Scanning electron microscopy in liver biopsy interpretation in children: a mini atlas


osmic maceration
liver biopsy
bile canaliculi

How to Cite

Mocci, C., Congiu, T., Fanni, D., Gerosa, C., Komuta, M., Van Eyken, P., Faa, G., & Riva, A. (2014). Scanning electron microscopy in liver biopsy interpretation in children: a mini atlas. Journal of Pediatric and Neonatal Individualized Medicine (JPNIM), 3(2), e030206.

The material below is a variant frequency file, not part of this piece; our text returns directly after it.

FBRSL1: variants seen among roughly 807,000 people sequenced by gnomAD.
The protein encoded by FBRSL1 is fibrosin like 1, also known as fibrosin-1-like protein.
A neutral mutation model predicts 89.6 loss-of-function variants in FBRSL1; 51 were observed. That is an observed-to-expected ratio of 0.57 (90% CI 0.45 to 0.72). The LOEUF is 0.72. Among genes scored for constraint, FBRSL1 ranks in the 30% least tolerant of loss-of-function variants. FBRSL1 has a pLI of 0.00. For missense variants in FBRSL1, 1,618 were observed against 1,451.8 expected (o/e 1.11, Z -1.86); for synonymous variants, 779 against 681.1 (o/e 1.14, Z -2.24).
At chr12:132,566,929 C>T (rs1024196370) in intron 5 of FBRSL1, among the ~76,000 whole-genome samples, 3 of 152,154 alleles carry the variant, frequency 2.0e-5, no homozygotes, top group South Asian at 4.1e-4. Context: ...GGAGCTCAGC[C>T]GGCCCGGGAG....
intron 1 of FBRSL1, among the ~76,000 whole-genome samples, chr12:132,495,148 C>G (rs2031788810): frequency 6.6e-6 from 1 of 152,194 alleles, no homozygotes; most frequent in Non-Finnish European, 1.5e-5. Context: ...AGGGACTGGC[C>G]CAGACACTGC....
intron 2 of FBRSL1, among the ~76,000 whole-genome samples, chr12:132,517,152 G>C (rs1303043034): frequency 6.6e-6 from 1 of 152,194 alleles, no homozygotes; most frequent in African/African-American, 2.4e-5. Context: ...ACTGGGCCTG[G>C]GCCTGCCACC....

We have extensively studied the ultrastructural picture of the liver by scanning electron microscopy (SEM) but these studies were not used, up to now, in clinical practice because they were considered to be mainly a means of research in the 3D structure of liver specimens. Our new technique allows us to introduce ourselves to the 3D structure of intracellular organelles, making it possible to study them in normal and pathologic conditions. We used a very small part of the liver biopsies from 5 children aged 3 to 8 years old, who underwent a liver biopsy for diagnostic purposes. The specimens were fixed and processed according to our modification of the OsO4 maceration method of Tanaka and Mitsushima. Liver biopsies fixed for 20’ in a mixture of glutaraldehyde and paraformaldehyde, postfixed in 1% OsO4 for 2 h, cut with a tissue sectioner and then macerated in 0.1% OsO4 for 60 h at room temperature. Specimens were dehydrated in graded acetone, critical point dried and coated with gold palladium. To selectively remove cell components, some specimens were subjected to ultrasound treatment (25 Hz for 1’) prior to dehydration. To demonstrate the hepatic stroma, some aldehyde-fixed specimens were submitted to maceration with NaOH 1N according to Ohtani method. With this method, all cells were removed, allowing the visualization of collagen fibers. Observation was carried out by an Hitachi S4000 Field Emission SEM (Hitachi High-Technologies Co., Tokyo, Japan) operated at 20 kV. We are showing the results of our new technique applied to the liver tissue. These data open, in our opinion, a new field in the research of nuclear pathology, with possible intriguing data on pathological nuclear pore changes in the setting of different liver diseases.